6) What type of help/support that you received do you feel benefited you the most? (I.e. family, doctors, psychiatrists etc)
This is a very touchy subject for me. I feel very angry when I talk about this now. The first professional I tried to speak to was my doctor at the time, I was studying so I wasn’t seeing my family doctor and when I told him what had been happening his exact words were, “we don’t need to discuss that at this stage, it’s something we can talk about when it seriously starts affecting your health”.
I had a handful of very support friends and uni who helped me through, without them and my sister, I don’t know what I’d have done.
7) Have you ever relapsed, if so, how did you overcome this?
I’d be lying if I said I haven’t made my self sick or had days/weeks where I’ve slipped since recovery… I just talk it out with people and deal with it that way so it doesn’t happen again, if it did. I find exercise helps, I gym and I go for it walks regularly, just to think and calm myself.
8) What advice would you give to someone who was suffering with an eating disorder?
Talk. Honestly, just talk to anyone. Family, friends, a counsellor, people online. It’s so difficult to keep something like this to yourself and it’s so much easier to help yourself when people are supporting you.
9) What is your opinion on negativity relating to body image in the media?
I’m very torn about this – for years both male and female bodies have been underrepresented in the media but I feel in an attempt at tackling this some people cause further damage. As someone who worked extremely hard to gain weight hearing people refer to curvier women as “real women” can be hurtful… It’s so damaging. Being slim doesn’t make anyone less of a woman. The media throws out this ideal body, yet they and we are so quick to attack those who have surgery etc. to achieve what they’ve been told their whole life they should want. The sooner we (the general public) stop buying into this false idea of beauty, the sooner we will see changes in the media. People are gradually starting to be better represented as I think people are starting to educate themselves regarding mindfulness, fitness, diet culture and so on… Health goes far beyond weight and I think many people are just starting to realise this.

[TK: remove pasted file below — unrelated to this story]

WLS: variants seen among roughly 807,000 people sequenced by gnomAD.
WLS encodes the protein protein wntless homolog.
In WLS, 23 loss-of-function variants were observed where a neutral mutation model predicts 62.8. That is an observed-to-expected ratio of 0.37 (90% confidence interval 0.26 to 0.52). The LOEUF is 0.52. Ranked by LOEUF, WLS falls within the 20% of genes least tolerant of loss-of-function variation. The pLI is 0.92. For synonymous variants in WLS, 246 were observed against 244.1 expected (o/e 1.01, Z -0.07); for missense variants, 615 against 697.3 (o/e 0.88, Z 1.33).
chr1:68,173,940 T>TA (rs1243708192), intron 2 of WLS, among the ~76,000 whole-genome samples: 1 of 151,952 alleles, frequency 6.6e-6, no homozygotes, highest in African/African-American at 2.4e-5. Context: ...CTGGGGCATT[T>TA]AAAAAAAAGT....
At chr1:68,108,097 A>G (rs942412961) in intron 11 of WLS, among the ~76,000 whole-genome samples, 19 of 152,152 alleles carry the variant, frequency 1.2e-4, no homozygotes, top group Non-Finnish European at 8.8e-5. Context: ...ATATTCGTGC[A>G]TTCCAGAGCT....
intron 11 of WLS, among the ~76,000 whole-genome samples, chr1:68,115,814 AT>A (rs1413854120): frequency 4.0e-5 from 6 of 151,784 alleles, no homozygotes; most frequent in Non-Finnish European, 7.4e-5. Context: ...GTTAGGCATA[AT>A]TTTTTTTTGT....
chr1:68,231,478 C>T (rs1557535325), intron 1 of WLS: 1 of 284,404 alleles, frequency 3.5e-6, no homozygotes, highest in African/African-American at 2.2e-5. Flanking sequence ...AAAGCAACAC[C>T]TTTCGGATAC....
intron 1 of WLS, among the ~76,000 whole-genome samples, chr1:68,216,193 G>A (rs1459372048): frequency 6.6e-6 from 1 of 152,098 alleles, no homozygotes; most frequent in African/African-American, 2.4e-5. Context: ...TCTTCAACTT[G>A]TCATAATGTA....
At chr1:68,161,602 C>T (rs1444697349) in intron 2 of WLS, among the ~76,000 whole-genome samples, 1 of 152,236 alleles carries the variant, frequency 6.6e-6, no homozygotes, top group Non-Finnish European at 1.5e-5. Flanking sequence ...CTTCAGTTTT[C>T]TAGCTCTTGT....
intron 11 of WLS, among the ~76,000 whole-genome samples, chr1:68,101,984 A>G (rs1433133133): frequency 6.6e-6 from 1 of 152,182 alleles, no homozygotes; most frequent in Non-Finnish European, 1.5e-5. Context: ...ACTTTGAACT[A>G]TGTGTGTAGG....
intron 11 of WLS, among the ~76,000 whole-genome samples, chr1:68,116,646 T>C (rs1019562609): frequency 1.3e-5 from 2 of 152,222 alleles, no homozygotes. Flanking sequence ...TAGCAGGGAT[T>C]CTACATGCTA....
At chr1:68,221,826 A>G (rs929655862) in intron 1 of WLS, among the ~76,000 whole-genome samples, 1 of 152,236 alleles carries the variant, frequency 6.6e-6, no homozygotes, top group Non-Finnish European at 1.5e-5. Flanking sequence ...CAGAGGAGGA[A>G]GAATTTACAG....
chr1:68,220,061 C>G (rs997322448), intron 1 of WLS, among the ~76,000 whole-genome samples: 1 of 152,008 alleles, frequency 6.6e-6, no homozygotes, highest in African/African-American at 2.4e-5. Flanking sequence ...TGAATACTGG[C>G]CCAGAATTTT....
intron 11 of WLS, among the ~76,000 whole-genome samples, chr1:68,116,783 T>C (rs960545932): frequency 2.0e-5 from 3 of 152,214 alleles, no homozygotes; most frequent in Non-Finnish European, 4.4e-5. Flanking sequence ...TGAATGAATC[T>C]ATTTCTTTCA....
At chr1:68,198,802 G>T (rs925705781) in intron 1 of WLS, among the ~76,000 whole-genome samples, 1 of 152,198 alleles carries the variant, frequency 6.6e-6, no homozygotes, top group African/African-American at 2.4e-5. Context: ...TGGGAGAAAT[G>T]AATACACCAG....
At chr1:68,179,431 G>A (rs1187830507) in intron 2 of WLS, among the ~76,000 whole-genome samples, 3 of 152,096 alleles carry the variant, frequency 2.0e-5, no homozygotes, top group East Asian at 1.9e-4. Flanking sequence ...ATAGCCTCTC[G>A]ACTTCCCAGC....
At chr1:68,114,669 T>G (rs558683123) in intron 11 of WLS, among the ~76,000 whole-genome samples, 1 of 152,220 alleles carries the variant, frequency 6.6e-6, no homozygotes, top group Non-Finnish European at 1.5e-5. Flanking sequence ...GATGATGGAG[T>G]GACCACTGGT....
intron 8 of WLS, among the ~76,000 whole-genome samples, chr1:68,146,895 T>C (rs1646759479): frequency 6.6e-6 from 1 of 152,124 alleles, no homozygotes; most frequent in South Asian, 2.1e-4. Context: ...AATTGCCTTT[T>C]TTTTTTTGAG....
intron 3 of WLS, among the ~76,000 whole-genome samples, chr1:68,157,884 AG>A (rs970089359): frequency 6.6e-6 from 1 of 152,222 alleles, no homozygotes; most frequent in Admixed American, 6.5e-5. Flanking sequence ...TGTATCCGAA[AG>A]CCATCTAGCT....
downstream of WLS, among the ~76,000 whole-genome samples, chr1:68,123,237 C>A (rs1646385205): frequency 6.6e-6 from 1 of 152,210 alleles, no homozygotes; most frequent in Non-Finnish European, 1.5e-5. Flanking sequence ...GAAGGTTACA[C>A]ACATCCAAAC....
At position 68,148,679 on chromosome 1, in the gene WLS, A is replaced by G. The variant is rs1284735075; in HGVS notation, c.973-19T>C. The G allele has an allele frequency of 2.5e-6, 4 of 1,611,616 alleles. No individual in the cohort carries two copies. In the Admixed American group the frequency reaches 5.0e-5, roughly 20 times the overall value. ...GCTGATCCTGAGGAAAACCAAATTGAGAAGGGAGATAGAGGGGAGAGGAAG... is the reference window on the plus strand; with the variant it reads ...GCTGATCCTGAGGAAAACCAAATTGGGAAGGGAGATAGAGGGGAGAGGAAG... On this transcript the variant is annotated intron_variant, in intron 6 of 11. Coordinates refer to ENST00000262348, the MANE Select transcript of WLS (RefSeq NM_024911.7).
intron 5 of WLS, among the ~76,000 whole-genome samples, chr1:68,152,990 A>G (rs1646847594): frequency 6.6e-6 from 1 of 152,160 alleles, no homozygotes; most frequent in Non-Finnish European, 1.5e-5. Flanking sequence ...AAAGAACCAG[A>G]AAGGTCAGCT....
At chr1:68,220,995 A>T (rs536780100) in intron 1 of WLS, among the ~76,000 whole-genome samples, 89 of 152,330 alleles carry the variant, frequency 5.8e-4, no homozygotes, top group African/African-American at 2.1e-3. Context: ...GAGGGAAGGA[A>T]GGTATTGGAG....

10) What were the triggers for your eating disorder?
At the age of 18, I was in an abusive relationship that made me feel as though I had no control over my own life. I couldn’t see the people I wanted, wear what I liked and after miscarrying I felt I had no control over my life or my body.
To cope with this, I decided to take control where I could; my diet. I began restricting my food until eventually I wasn’t eating at all. I kept this a secret for the best part of two years. I would eat socially and then make myself sick part way through a meal in order to clear my plate, vomiting again once the food was all gone.
My triggers are purely emotional and when I feel emotionally exhausted and I’m struggling to cope, I have to really talk myself into eating sensibly. Throughout 2017, we were renovating a house, my contraception was messing with my hormones, I felt very on edge, worried and stressed. There were numerous occasions throughout that time where my boyfriend would have to get serious with me because I would go days without eating. Sometimes I slide into old habits without realising and it’s good to have people around you that know what’s gone on so they can point it out.